February 16, 2018

Julie Scoskie | Movers & Shakers 2016 – Educators

Julie Scoskie


Director, Education & Outreach, Louisville Free Public Library, KY


PhD, Educational and Organizational Leadership, University of Louisville, KY, 1981


Mayor’s Award for Innovation


@LFPL (Twitter); louisvillefreepubliclibrary (Instagram); LouisvilleFreePublicLibrary (Facebook)

Photo ©2016 Shawn G. Henry

Passion for Partnerships

Three years ago, Julie Scoskie, then director of community support and adult education for Jefferson County Public Schools in Louisville, KY, never expected to be working in a library. When an opportunity arose to combine her passions of outreach and literacy, however, she couldn’t resist. With fierce determination, she has succeeded in securing partnerships and collaborations for Louisville Free Public Library (LFPL) that have drawn the attention of the White House for innovative services to the community.

Barely a month into her new job, in September 2013, Scoskie partnered with Code Louisville—a program that connects un- and underemployed individuals to technology jobs—by providing free coding classes through Treehouse, a library online learning platform. As of 2015, 563 Louisville residents have completed the 12-week course, with many securing technology jobs as a result. “In an economy where many jobs do not provide self-sustaining wages, offering someone a chance at a high-paying career through free education is a true lifeline,” says Scoskie. LFPL was not only nationally recognized for its effort, but the program helped the city secure a $2.9 million federal grant to expand Code Louisville, notes LFPL director Jim Blanton (a 2012 Mover & Shaker), who nominated Scoskie.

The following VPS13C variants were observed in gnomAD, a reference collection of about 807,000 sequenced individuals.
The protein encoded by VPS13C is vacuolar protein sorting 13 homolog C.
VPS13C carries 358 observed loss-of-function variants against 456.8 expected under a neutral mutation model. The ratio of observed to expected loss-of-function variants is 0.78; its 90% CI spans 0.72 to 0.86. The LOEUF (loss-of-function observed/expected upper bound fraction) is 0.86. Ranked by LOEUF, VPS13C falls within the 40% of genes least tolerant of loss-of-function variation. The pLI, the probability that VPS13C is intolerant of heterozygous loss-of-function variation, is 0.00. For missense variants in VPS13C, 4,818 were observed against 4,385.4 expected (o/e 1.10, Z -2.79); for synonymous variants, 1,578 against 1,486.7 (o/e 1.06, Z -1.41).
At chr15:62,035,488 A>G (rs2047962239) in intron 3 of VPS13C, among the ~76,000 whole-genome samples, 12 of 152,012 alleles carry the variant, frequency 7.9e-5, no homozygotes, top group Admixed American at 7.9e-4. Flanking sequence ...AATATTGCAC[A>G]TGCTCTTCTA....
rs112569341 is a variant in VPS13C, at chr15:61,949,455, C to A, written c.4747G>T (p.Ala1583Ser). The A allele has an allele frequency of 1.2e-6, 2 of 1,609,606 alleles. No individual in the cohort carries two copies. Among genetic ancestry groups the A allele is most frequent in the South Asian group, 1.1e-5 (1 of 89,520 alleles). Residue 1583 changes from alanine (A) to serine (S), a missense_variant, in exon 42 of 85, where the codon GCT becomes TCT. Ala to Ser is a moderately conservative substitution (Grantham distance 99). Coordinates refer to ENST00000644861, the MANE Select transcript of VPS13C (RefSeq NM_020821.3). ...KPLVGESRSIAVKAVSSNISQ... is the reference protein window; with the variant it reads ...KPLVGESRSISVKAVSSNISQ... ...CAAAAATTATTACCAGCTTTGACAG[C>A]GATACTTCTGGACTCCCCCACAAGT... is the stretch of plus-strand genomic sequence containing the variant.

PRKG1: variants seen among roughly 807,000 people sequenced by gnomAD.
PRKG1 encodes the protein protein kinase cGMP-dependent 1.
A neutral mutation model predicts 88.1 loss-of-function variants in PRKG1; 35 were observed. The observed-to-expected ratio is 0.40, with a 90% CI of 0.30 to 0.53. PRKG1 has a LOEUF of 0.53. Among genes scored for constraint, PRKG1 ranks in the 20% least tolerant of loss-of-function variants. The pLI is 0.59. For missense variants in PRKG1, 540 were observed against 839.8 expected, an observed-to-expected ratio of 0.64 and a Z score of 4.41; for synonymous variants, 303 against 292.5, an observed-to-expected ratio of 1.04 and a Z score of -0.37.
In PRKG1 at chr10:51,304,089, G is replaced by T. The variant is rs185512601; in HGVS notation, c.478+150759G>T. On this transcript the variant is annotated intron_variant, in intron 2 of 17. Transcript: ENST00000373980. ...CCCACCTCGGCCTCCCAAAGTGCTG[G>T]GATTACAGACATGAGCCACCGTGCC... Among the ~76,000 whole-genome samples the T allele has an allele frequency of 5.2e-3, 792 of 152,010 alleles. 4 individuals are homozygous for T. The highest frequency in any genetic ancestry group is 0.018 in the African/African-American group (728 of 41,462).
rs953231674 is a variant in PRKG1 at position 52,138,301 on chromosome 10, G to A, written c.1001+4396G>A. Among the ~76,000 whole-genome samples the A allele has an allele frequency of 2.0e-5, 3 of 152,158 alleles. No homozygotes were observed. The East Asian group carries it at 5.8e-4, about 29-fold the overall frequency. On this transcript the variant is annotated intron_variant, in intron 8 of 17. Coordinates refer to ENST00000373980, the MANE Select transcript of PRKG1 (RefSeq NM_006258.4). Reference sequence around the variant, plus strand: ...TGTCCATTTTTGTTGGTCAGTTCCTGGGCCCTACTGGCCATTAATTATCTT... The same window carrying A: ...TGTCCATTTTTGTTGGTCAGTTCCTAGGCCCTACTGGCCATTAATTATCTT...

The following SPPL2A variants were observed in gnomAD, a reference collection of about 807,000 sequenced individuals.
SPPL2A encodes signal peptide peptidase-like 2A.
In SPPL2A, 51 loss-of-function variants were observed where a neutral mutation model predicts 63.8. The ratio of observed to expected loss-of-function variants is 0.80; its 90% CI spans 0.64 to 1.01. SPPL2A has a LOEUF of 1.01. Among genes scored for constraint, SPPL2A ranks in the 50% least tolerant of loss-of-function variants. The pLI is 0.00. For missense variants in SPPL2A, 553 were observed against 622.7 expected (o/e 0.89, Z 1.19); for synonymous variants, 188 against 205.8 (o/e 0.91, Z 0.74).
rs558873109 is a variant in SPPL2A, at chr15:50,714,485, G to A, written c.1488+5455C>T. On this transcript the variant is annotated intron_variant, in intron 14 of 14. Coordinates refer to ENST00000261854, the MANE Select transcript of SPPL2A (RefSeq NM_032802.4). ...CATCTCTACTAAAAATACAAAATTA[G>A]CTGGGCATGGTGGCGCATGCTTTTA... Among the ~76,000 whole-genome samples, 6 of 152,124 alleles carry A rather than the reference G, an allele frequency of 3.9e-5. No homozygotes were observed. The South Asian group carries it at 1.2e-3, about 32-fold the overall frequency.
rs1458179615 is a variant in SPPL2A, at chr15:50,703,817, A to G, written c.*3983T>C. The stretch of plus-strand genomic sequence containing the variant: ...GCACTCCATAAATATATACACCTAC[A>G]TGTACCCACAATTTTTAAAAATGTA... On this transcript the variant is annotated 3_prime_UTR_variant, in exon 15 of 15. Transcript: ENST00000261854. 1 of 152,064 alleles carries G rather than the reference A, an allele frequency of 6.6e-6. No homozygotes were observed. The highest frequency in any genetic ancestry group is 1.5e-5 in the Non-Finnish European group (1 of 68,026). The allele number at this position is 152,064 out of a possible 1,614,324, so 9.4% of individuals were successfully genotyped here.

Working with the school district to counteract kindergarten unpreparedness among nearly 50 percent of local children, Scoskie helped bring the 1,000 Books Before Kindergarten program, which had begun in Bremen, IN, to LFPL in 2014. It challenges families and caregivers to read 1,000 books with their young children before they enter kindergarten. More than 17,000 preschoolers have participated, with some 3,000 meeting the goal as of late 2015.

One of Scoskie’s most noteworthy projects involved a local book production company that wanted to donate 149,000 children’s books to the library. The catch: the library would be responsible for transporting and housing all of the books before January 2015, with only a few days’ notice. Relying on her communitywide network, including Metro United Way and the schools, Scoskie was able to secure trucks to move the materials to a storage facility and arrange for them to be distributed. To take full advantage of the donation, she designed a program, Share 100 Stories Before 4th Grade, whereby every student in kindergarten through third grade can get a starter book, and, when they reach their goal, a prize book. Scoskie also led the library to achieve its highest-ever Summer Reading attendance, with 30,500 children completing the program in 2015.

“Helping to establish a love of reading is priceless,” says Scoskie. “There are few things more empowering than improving literacy.”

This article was published in Library Journal's March 15, 2016 issue. Subscribe today and save up to 35% off the regular subscription rate.